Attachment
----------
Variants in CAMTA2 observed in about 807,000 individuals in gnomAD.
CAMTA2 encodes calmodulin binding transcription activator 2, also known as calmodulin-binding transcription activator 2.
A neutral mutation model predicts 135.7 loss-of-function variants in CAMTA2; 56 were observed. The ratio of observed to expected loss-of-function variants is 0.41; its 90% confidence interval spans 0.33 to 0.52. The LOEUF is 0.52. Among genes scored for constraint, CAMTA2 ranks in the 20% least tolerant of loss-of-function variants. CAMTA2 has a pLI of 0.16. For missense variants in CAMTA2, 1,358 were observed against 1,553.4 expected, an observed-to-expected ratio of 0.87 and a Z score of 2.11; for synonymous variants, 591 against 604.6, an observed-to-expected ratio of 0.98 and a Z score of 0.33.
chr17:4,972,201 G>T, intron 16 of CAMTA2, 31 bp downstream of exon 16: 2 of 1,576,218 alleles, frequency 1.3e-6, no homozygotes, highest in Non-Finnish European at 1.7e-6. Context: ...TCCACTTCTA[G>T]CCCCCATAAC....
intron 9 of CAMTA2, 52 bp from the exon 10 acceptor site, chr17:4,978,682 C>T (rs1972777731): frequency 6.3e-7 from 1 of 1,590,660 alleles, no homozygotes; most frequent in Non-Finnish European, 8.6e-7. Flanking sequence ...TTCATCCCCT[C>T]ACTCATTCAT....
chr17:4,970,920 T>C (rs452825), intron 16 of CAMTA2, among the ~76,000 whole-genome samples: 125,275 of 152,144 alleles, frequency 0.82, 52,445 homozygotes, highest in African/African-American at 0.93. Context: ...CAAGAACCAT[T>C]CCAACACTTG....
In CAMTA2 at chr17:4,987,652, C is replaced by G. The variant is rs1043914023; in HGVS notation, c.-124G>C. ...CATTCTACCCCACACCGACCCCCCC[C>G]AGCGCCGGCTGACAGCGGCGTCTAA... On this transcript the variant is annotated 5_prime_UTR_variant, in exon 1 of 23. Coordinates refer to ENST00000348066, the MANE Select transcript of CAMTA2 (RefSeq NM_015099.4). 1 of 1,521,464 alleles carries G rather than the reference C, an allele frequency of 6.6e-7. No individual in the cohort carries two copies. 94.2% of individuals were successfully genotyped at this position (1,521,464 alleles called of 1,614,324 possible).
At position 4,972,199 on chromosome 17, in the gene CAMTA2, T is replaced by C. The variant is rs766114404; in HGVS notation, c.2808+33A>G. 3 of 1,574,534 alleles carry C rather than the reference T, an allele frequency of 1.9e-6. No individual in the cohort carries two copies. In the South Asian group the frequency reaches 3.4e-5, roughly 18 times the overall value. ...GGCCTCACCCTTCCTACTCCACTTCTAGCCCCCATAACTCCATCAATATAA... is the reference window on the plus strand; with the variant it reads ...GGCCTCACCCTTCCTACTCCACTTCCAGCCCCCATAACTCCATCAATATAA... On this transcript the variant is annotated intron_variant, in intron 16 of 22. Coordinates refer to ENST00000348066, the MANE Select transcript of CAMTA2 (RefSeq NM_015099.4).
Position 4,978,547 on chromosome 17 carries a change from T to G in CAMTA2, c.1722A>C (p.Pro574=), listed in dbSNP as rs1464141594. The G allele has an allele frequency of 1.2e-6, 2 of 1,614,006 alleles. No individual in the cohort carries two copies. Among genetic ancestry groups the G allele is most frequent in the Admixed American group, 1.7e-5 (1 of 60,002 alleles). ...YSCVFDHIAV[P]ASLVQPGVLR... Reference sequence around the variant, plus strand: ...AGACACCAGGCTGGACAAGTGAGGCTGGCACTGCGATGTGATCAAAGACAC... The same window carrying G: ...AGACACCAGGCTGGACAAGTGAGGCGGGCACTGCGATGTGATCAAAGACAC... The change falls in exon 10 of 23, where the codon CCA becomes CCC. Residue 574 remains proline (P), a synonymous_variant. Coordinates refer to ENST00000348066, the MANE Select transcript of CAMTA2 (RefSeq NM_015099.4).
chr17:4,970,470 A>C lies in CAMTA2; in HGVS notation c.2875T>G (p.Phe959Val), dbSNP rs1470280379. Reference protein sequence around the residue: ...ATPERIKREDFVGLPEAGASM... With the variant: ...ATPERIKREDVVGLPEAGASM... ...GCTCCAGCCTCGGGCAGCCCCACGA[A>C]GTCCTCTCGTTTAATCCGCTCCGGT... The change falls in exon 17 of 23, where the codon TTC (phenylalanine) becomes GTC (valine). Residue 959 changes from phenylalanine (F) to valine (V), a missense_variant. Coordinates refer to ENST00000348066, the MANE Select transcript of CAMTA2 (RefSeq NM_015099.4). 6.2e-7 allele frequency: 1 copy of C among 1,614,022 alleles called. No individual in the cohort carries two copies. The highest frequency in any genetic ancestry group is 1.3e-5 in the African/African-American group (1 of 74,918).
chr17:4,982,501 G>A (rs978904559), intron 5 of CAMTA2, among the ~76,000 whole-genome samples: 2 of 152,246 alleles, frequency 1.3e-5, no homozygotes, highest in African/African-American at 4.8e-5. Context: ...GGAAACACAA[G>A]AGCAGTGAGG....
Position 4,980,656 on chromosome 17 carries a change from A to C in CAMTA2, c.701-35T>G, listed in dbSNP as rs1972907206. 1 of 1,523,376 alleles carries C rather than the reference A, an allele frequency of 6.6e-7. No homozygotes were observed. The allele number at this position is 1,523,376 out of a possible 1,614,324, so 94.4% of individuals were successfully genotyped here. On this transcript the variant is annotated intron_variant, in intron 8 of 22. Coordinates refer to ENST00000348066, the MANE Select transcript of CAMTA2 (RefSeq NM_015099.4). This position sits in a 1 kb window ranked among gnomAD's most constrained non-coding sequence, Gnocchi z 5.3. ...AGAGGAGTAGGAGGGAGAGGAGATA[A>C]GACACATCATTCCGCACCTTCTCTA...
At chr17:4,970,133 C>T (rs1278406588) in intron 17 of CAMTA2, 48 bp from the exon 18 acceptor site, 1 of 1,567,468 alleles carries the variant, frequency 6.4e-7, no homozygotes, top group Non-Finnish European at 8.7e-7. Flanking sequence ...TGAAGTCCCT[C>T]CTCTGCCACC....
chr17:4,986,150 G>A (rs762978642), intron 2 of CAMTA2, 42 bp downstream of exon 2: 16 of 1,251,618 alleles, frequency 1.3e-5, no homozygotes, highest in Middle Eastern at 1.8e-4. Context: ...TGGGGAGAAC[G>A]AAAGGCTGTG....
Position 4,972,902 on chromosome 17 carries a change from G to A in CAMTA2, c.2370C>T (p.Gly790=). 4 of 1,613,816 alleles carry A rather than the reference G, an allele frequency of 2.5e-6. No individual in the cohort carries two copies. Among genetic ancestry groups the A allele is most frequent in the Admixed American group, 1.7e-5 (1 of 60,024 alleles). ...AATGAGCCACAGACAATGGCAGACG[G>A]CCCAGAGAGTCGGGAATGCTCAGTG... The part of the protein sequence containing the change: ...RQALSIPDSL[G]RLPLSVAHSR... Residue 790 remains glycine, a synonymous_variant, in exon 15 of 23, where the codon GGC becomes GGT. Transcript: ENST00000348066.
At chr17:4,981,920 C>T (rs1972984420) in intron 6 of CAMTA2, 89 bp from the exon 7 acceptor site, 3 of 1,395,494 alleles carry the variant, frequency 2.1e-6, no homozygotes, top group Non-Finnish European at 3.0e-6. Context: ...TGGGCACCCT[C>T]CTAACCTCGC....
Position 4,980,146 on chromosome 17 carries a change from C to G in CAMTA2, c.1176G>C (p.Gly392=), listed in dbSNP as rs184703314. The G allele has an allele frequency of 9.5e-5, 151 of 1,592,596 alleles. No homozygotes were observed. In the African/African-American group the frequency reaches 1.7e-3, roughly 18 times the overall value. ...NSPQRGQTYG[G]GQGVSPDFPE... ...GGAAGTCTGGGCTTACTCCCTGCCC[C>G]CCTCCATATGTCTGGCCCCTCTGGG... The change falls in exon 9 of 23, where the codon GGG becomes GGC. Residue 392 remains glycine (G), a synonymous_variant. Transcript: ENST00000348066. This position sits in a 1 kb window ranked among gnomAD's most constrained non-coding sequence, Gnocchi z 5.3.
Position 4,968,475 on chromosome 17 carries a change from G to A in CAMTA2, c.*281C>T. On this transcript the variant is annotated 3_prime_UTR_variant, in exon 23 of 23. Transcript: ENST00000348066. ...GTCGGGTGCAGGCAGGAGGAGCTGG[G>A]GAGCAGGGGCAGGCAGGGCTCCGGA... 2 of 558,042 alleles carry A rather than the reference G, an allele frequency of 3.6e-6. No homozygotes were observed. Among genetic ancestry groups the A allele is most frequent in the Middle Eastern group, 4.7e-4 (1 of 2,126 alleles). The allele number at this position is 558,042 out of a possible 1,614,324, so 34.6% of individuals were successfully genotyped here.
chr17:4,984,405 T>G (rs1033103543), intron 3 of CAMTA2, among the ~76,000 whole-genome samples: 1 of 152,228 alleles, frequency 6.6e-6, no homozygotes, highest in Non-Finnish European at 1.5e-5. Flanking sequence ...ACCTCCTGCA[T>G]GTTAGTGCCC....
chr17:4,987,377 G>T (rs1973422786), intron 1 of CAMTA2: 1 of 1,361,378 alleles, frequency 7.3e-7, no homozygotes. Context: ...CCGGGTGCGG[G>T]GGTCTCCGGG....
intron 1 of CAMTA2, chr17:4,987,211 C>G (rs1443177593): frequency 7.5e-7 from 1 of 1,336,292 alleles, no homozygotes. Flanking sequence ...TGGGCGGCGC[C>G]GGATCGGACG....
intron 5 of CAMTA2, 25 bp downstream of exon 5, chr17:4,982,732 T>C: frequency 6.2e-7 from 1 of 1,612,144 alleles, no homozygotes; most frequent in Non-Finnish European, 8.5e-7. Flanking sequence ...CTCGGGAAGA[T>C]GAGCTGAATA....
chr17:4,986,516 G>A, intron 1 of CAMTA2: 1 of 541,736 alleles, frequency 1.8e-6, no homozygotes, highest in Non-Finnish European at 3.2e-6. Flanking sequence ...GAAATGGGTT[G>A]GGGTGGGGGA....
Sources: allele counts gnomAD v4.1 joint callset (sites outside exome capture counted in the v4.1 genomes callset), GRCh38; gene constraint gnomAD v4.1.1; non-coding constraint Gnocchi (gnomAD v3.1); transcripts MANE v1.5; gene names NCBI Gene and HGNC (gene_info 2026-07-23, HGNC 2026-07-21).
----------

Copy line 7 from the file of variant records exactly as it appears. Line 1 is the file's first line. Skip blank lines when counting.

In CAMTA2 at chr17:4,987,652, C is replaced by G. The variant is rs1043914023; in HGVS notation, c.-124G>C. ...CATTCTACCCCACACCGACCCCCCC[C>G]AGCGCCGGCTGACAGCGGCGTCTAA... On this transcript the variant is annotated 5_prime_UTR_variant, in exon 1 of 23. Coordinates refer to ENST00000348066, the MANE Select transcript of CAMTA2 (RefSeq NM_015099.4). 1 of 1,521,464 alleles carries G rather than the reference C, an allele frequency of 6.6e-7. No individual in the cohort carries two copies. 94.2% of individuals were successfully genotyped at this position (1,521,464 alleles called of 1,614,324 possible).